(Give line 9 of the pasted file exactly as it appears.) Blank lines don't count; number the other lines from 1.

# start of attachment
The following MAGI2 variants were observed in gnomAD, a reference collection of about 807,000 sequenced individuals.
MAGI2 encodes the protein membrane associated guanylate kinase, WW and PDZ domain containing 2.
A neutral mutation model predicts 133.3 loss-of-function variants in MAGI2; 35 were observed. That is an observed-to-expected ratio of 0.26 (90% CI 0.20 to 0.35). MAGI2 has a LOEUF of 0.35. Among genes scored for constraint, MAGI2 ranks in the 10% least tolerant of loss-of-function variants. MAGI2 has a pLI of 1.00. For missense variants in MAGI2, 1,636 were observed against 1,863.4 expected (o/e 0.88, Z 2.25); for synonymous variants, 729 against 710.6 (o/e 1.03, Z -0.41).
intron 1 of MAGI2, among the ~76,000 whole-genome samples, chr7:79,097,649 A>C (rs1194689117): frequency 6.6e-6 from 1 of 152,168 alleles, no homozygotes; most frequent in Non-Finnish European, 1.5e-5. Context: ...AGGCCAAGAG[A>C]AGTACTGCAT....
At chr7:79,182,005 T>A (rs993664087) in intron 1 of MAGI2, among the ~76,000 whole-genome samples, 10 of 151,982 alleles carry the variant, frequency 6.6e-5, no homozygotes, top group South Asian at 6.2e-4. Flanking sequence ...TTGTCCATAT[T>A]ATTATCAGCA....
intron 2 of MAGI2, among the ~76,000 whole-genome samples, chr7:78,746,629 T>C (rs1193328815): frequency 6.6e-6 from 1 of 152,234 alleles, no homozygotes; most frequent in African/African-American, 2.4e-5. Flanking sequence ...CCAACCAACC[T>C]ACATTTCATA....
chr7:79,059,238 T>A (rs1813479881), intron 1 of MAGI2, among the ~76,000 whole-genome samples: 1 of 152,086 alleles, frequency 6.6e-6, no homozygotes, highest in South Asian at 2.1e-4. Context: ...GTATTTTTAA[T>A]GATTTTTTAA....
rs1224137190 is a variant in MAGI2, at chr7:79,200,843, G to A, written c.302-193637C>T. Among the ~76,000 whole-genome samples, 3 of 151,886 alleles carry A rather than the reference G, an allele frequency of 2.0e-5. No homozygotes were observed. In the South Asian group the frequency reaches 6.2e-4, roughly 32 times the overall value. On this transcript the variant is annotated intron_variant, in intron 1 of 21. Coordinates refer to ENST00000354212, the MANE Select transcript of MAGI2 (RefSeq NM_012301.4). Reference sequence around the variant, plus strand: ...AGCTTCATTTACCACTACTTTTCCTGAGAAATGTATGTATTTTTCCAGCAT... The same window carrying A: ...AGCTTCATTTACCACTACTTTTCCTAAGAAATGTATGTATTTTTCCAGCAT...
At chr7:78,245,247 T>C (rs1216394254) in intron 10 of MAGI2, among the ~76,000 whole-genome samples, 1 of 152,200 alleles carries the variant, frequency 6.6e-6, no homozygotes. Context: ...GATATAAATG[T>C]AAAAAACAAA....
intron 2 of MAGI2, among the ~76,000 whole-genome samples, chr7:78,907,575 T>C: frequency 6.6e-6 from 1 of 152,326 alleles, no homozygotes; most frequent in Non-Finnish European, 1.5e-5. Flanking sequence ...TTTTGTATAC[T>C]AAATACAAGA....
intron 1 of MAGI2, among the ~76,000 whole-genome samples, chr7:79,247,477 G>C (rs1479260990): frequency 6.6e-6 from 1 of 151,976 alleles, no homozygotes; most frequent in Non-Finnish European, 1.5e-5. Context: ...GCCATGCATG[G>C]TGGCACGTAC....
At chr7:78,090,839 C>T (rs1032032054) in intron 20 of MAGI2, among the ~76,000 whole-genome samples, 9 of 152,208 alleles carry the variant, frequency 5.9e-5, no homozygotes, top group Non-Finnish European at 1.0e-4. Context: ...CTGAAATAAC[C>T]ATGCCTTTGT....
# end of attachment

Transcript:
At chr7:78,245,247 T>C (rs1216394254) in intron 10 of MAGI2, among the ~76,000 whole-genome samples, 1 of 152,200 alleles carries the variant, frequency 6.6e-6, no homozygotes. Context: ...GATATAAATG[T>C]AAAAAACAAA....